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Jenkins on tomcat + nginx

A Jenkins docker image running on tomcat and nginx with a focus on enabling user configuration and automation.

Usage

To run this jenkins container you may run the following command:

sudo docker run \
    -it \
    -p $PORT_FOR_JENKINS:8081 \
    -v path/to/config.yml:/config.yml
    -v path/to/jenkins_home:/jenkins_home
    verigreen/jenkins-tomcat-nginx

Where config.yml represents the configuration for each container instance

If you're behind a proxy, include the appropriate environment variables.

sudo docker run \
    -e http_proxy="http://my-proxy.myserver.com:8080/" \
    -e https_proxy="http://my-proxy.myserver.com:8080/" \
    -e HTTP_PROXY="http://my-proxy.myserver.com:8080/" \
    -e HTTPS_PROXY="http://my-proxy.myserver.com:8080/" \ 
    -e no_proxy="127.0.0.1, localhost" \
    -it \
    -p $PORT_FOR_JENKINS:8081 \
    -v path/to/config.yml:/config.yml
    -v path/to/jenkins_home:/jenkins_home
    verigreen/jenkins-tomcat-nginx

Here is an example of a simple Jenkins setup.

##################################
# Use Jenkins' own user database #
##################################
hudson:
  disabledAdministrativeMonitors: ''
  version: '1.0'
  numExecutors: '2'
  mode: 'NORMAL'
  useSecurity: 'true'
  authorizationStrategy:
    attributes: 'login-authorization'
  securityRealm:
    attributes: 'database-authentication'
    disableSignup: 'true'
    enableCaptcha: 'false'
  disableRememberMe: 'false'
  projectNamingStrategy:
    attributes:
    - 'class=jenkins.model.ProjectNamingStrategy$DefaultProjectNamingStrategy'
  workspaceDir: '${ITEM_ROOTDIR}/workspace'
  buildsDir: '${ITEM_ROOTDIR}/builds'
  markupFormatter:
    attributes:
    - 'class=hudson.markup.EscapedMarkupFormatter'
  jdks: ''
  viewsTabBar:
    attributes:
    - 'class=hudson.views.DefaultViewsTabBar'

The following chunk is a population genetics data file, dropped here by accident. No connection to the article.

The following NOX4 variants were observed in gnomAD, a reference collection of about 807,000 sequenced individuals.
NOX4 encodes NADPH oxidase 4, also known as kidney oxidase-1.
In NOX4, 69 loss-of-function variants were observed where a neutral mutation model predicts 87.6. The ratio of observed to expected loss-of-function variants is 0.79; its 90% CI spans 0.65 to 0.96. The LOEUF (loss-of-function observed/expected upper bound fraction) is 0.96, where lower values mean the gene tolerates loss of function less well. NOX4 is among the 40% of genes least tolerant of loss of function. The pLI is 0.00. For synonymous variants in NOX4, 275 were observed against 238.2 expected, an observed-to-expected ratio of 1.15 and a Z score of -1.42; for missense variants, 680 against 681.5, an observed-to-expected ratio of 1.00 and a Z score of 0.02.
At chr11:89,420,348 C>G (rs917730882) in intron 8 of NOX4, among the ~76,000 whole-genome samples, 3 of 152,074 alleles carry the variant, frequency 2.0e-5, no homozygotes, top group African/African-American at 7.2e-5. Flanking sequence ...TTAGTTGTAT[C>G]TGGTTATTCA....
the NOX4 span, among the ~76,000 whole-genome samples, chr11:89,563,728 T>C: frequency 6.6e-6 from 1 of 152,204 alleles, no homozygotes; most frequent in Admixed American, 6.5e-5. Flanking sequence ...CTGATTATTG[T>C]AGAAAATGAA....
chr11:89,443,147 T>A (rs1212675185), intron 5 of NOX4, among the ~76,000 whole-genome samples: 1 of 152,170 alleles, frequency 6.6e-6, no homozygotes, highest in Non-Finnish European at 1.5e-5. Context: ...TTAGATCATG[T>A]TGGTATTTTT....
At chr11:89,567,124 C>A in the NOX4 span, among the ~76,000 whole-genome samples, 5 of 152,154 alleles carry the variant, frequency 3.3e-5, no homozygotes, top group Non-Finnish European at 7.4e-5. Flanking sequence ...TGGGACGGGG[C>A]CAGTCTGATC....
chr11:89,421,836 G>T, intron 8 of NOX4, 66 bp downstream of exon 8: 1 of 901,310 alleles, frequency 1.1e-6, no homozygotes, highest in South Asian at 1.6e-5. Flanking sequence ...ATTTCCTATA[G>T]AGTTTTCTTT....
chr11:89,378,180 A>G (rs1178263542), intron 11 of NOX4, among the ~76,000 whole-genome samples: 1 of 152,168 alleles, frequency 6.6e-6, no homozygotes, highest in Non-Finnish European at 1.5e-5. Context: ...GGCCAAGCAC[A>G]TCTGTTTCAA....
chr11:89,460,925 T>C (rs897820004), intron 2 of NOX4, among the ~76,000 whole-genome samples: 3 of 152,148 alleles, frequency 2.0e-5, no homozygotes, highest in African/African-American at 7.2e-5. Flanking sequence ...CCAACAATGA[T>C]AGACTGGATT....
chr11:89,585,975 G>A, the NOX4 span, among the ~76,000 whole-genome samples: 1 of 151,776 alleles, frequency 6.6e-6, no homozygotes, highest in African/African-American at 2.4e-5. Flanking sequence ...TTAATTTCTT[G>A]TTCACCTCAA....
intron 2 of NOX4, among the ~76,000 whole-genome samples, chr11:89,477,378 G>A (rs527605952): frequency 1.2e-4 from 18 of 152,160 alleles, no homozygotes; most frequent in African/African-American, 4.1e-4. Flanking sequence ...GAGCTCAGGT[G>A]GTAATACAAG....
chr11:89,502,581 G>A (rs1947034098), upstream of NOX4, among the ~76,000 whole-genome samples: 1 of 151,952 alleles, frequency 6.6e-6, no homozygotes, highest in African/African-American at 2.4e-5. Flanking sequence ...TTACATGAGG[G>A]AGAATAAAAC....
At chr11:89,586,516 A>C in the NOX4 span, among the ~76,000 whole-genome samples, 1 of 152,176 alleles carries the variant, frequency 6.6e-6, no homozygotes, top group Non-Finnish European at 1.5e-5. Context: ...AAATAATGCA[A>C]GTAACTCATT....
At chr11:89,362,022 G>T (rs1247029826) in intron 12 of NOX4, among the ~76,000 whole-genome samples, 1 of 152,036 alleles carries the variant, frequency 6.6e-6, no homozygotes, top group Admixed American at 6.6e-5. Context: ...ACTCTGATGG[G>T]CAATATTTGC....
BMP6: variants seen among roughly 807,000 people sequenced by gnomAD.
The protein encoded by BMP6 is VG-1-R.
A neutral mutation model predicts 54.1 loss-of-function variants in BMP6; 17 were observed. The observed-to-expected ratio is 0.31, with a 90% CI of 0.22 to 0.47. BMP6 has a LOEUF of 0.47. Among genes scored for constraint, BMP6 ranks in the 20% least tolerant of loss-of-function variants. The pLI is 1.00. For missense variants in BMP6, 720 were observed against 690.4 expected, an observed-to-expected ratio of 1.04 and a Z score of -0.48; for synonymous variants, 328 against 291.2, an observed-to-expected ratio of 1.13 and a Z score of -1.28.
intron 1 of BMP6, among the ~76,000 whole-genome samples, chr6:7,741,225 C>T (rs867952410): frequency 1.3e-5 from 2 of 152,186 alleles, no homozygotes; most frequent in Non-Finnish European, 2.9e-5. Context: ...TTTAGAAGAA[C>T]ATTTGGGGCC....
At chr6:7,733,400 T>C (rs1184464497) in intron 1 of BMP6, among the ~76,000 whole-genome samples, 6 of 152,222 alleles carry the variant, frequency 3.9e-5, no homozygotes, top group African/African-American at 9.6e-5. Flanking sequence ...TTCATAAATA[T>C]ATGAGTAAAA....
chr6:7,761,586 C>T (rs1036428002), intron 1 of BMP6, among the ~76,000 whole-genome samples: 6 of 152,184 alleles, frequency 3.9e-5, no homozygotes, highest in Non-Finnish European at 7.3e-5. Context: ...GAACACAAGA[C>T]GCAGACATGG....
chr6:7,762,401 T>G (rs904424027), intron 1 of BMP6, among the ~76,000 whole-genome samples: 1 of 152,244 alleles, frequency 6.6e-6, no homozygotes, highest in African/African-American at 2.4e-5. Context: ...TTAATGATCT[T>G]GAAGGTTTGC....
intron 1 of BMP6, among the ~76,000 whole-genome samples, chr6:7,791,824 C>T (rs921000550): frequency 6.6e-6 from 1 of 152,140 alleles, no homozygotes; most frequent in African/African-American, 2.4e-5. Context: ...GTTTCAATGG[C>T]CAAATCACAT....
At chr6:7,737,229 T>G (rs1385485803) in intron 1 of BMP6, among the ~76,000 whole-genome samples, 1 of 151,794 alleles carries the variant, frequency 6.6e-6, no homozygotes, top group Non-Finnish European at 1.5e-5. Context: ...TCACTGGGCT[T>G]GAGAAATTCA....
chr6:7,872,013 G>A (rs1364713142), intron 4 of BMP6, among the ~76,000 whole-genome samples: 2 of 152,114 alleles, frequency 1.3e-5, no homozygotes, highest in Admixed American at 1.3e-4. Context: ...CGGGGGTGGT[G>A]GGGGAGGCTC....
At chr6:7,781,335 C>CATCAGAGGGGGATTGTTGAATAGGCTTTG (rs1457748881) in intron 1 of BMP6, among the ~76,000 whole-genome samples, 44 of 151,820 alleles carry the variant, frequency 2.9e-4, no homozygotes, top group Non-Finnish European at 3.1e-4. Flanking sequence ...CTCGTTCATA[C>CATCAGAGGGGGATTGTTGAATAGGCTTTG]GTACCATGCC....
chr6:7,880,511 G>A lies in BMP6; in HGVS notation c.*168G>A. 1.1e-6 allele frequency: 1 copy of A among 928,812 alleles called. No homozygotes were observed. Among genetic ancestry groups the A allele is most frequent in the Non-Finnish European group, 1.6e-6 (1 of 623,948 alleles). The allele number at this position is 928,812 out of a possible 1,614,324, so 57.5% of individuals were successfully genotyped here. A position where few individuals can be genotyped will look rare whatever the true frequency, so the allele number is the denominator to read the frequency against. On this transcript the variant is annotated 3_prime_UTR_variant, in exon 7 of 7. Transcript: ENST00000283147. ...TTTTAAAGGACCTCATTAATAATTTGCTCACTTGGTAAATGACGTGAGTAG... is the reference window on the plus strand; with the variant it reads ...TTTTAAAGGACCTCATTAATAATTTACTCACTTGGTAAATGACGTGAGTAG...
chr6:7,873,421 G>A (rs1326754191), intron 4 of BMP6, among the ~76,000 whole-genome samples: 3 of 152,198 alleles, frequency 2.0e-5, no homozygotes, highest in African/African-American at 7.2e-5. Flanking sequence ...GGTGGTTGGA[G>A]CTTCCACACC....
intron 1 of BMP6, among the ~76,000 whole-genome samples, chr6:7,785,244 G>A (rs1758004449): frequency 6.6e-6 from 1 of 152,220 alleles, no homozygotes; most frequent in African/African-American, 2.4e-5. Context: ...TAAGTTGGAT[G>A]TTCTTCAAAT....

myViewsTabBar:
    attributes:
    - 'class=hudson.views.DefaultMyViewsTabBar'
  clouds: ''
  slaves: ''
  scmCheckoutRetryCount: '0'
  views:
    hudson.model.AllView:
      owner:
        attributes:
        - 'class=hudson'
        - 'reference=../../..'
      name: 'All'
      filterExecutors: 'false'
      filterQueue: 'false'
      properties:
        attributes:
        - 'class="hudson.model.View$PropertyList'
  primaryView: 'All'
  slaveAgentPort: '0'
  label: ''
  nodeProperties: ''
  globalNodeProperties: ''
---
users:
  unhashed:
    - 'user1:password1'
    - 'user2:password2'

Then, from your host, you may access the jenkins UI at localhost:$PORT_FOR_JENKINS.

The -p $PORT_FOR_JENKINS:8081 is required to map a host port to the port where jenkins is exposed in the container. The -v path/to/jenkins_home:/var/jenkins_home is recommended if you want to persist any configuration and data that happens during the execution of jenkins in that container instance. The -v path/to/config.yml:/config.yml is how each Jenkins instance is customized. The -it command runs the container interactively. To run the container in detached mode replace the -it option with -d or if it is already running press CTRL+P followed by CTRL+Q and it will detach.

The following is the complete list of mountable volumes that you may use for customizing jenkins, nginx, and/or tomcat to your needs:

sudo docker run \
    -d \
    --name $CONTAINER_NAME \
    -e ADMIN_PASSWORD=mysecretpass \
    -p $PORT_FOR_JENKINS:8081 \
    -v path/to/nginx.conf:/nginx.conf \
    -v path/to/supervisord.conf:/supervisord.conf \
    -v path/to/jenkins/log/directory/:/var/log/nginx/jenkins/ \
    -v path/to/supervisor/log/directory:/var/log/supervisor/ \
    -v path/to/sample_jobs.groovy:/jobs.groovy \
    -v path/to/jenkins_home:/jenkins_home \
    -v path/to/config.xml:/config.xml \
    jonathan/jenkins-nginx

Configuration

Migrating existing Jenkins